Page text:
Paths in Windows are relatively complex. In particular, Microsoft has a habit of inventing new features, so even if your HTTP server is really protected against path traversal today, it may become vulnerable under next version of Windows, possibly even a small update.
Right now, your are using "blacklist-thinking": you are trying to enumerate all the "bad" constructions, and specifically detect them. Blacklists are known to be fragile because it is very hard to be exhaustive, and then to remain exhaustive. You should use whitelist-thinking, i.e. define a syntax for allowed paths and exclude everything else.
For instance, define that an allowed path consists in a sequence of components separated by slash characters ("/", not "\"), with the following rules:
- A component contains only letters, digits, dashes ("-"), underscores ("_") or dots (".").
- A dot may not appear as first or last character in a component.
- There shall not be any two consecutive dots in a component.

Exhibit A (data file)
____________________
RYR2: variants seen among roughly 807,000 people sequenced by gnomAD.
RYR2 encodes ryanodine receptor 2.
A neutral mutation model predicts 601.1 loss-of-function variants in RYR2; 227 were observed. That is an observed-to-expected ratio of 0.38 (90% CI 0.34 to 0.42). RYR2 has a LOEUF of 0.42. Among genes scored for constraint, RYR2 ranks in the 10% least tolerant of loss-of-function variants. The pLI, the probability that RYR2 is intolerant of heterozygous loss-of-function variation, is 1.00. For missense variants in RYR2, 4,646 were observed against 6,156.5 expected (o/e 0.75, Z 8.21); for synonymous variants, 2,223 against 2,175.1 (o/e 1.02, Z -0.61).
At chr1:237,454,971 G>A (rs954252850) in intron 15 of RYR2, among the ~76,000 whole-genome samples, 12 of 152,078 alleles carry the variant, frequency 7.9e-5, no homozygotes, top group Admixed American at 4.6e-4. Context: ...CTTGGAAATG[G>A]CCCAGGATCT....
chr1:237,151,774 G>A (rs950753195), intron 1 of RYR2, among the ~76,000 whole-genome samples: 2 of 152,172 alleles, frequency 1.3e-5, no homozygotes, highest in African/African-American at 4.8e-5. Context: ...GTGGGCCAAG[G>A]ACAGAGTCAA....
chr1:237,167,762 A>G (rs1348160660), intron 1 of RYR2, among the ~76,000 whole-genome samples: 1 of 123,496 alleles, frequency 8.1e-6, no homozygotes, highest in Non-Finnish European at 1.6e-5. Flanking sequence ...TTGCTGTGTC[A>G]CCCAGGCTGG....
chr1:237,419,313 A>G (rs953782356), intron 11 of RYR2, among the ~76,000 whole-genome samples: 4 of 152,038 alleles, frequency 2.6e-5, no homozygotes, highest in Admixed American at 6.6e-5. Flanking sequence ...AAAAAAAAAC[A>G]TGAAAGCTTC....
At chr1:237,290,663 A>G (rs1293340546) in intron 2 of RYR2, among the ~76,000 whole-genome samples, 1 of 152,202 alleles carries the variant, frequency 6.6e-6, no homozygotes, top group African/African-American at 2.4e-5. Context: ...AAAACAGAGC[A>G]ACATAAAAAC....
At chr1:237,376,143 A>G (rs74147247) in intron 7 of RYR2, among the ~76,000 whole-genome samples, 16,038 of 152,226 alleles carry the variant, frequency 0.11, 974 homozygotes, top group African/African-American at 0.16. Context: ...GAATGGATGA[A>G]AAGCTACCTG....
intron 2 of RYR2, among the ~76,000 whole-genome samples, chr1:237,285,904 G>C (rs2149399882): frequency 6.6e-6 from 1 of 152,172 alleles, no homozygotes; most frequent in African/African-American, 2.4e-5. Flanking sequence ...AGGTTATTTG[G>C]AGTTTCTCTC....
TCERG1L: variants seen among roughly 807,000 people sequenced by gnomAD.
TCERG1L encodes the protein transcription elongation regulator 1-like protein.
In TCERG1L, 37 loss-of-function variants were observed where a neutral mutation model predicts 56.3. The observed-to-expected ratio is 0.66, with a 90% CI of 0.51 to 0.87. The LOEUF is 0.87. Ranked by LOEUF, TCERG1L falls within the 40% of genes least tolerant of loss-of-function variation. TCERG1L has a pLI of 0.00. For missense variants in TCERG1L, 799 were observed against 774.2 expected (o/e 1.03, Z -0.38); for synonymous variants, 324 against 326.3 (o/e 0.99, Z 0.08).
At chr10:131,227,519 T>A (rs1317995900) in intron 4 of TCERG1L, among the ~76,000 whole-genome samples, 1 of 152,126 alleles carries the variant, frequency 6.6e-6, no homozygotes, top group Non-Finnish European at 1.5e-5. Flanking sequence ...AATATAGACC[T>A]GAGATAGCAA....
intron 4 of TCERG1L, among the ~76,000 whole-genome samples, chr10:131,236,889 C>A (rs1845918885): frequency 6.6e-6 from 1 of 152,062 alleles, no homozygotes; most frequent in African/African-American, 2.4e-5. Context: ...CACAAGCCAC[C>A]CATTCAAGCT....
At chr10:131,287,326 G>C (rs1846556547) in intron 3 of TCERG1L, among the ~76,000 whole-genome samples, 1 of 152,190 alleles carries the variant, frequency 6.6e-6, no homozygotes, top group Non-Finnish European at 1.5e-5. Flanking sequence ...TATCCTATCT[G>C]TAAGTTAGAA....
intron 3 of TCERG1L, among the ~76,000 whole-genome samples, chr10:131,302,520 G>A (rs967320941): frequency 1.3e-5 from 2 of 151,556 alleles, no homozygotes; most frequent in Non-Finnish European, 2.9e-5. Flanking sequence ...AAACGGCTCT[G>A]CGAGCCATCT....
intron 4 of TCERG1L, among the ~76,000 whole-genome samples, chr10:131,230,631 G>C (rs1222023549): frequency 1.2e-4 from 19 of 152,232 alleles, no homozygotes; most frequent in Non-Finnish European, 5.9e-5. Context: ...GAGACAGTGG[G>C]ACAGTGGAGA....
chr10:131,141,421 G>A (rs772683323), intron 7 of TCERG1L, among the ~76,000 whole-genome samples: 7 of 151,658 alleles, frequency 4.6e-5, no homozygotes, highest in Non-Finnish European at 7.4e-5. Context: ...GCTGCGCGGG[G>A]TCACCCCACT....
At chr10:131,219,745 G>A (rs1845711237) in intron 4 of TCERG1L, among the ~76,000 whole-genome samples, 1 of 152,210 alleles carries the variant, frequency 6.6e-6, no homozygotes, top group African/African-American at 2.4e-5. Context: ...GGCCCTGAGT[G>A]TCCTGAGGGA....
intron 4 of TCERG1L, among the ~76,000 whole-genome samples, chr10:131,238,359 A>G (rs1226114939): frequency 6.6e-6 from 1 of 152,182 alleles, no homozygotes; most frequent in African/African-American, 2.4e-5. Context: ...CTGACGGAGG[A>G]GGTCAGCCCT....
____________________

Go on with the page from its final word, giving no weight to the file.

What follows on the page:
- A component contains at least one character, and at most 64 characters (arbitrary limit).
- No two consecutive slashes may appear in a path.
- A path does not begin with a slash.
- A path is not empty.
- The total length of a path shall not exceed 250 characters.
All these rules are easy to enforce programmatically. And they guarantee a "clean local path" that you can send to
fopen(). Note that most Windows functions are perfectly happy with the "/" as separator, but you may still want to replace all slashes by backslashes (after checking all the rules above, of course).